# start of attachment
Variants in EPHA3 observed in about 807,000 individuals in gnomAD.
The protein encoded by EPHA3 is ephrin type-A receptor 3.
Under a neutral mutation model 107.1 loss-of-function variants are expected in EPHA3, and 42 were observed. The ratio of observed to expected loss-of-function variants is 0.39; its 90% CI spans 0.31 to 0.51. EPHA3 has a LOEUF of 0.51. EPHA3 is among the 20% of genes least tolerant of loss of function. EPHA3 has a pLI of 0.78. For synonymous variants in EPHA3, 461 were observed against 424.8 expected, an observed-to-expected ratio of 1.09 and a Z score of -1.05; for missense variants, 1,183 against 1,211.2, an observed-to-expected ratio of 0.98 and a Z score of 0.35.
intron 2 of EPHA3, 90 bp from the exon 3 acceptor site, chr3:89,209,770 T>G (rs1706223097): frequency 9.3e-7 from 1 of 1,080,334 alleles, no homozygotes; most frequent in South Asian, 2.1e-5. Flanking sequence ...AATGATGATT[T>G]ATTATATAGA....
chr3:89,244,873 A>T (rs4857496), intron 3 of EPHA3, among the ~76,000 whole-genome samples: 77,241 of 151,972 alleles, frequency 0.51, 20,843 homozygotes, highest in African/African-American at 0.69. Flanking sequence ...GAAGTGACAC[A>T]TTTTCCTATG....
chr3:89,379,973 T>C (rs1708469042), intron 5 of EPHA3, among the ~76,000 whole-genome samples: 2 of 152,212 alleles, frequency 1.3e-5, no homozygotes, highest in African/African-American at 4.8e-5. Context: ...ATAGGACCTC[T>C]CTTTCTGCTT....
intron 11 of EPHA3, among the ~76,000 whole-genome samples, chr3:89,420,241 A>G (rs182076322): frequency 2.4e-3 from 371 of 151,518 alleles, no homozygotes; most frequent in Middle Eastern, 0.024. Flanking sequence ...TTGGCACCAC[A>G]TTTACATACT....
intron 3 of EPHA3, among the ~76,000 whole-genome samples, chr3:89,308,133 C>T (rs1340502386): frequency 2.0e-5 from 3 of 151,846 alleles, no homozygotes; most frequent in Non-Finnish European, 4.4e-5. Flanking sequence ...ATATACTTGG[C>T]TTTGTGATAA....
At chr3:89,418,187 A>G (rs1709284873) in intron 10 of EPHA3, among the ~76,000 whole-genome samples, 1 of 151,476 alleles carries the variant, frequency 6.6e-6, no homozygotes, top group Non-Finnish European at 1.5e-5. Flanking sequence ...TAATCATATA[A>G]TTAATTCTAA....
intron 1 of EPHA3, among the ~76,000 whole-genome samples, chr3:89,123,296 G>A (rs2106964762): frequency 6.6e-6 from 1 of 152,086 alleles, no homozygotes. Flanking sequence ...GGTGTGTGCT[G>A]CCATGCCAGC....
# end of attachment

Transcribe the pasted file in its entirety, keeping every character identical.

Variants in EPHA3 observed in about 807,000 individuals in gnomAD.
The protein encoded by EPHA3 is ephrin type-A receptor 3.
Under a neutral mutation model 107.1 loss-of-function variants are expected in EPHA3, and 42 were observed. The ratio of observed to expected loss-of-function variants is 0.39; its 90% CI spans 0.31 to 0.51. EPHA3 has a LOEUF of 0.51. EPHA3 is among the 20% of genes least tolerant of loss of function. EPHA3 has a pLI of 0.78. For synonymous variants in EPHA3, 461 were observed against 424.8 expected, an observed-to-expected ratio of 1.09 and a Z score of -1.05; for missense variants, 1,183 against 1,211.2, an observed-to-expected ratio of 0.98 and a Z score of 0.35.
intron 2 of EPHA3, 90 bp from the exon 3 acceptor site, chr3:89,209,770 T>G (rs1706223097): frequency 9.3e-7 from 1 of 1,080,334 alleles, no homozygotes; most frequent in South Asian, 2.1e-5. Flanking sequence ...AATGATGATT[T>G]ATTATATAGA....
chr3:89,244,873 A>T (rs4857496), intron 3 of EPHA3, among the ~76,000 whole-genome samples: 77,241 of 151,972 alleles, frequency 0.51, 20,843 homozygotes, highest in African/African-American at 0.69. Flanking sequence ...GAAGTGACAC[A>T]TTTTCCTATG....
chr3:89,379,973 T>C (rs1708469042), intron 5 of EPHA3, among the ~76,000 whole-genome samples: 2 of 152,212 alleles, frequency 1.3e-5, no homozygotes, highest in African/African-American at 4.8e-5. Context: ...ATAGGACCTC[T>C]CTTTCTGCTT....
intron 11 of EPHA3, among the ~76,000 whole-genome samples, chr3:89,420,241 A>G (rs182076322): frequency 2.4e-3 from 371 of 151,518 alleles, no homozygotes; most frequent in Middle Eastern, 0.024. Flanking sequence ...TTGGCACCAC[A>G]TTTACATACT....
intron 3 of EPHA3, among the ~76,000 whole-genome samples, chr3:89,308,133 C>T (rs1340502386): frequency 2.0e-5 from 3 of 151,846 alleles, no homozygotes; most frequent in Non-Finnish European, 4.4e-5. Flanking sequence ...ATATACTTGG[C>T]TTTGTGATAA....
At chr3:89,418,187 A>G (rs1709284873) in intron 10 of EPHA3, among the ~76,000 whole-genome samples, 1 of 151,476 alleles carries the variant, frequency 6.6e-6, no homozygotes, top group Non-Finnish European at 1.5e-5. Flanking sequence ...TAATCATATA[A>G]TTAATTCTAA....
intron 1 of EPHA3, among the ~76,000 whole-genome samples, chr3:89,123,296 G>A (rs2106964762): frequency 6.6e-6 from 1 of 152,086 alleles, no homozygotes. Flanking sequence ...GGTGTGTGCT[G>A]CCATGCCAGC....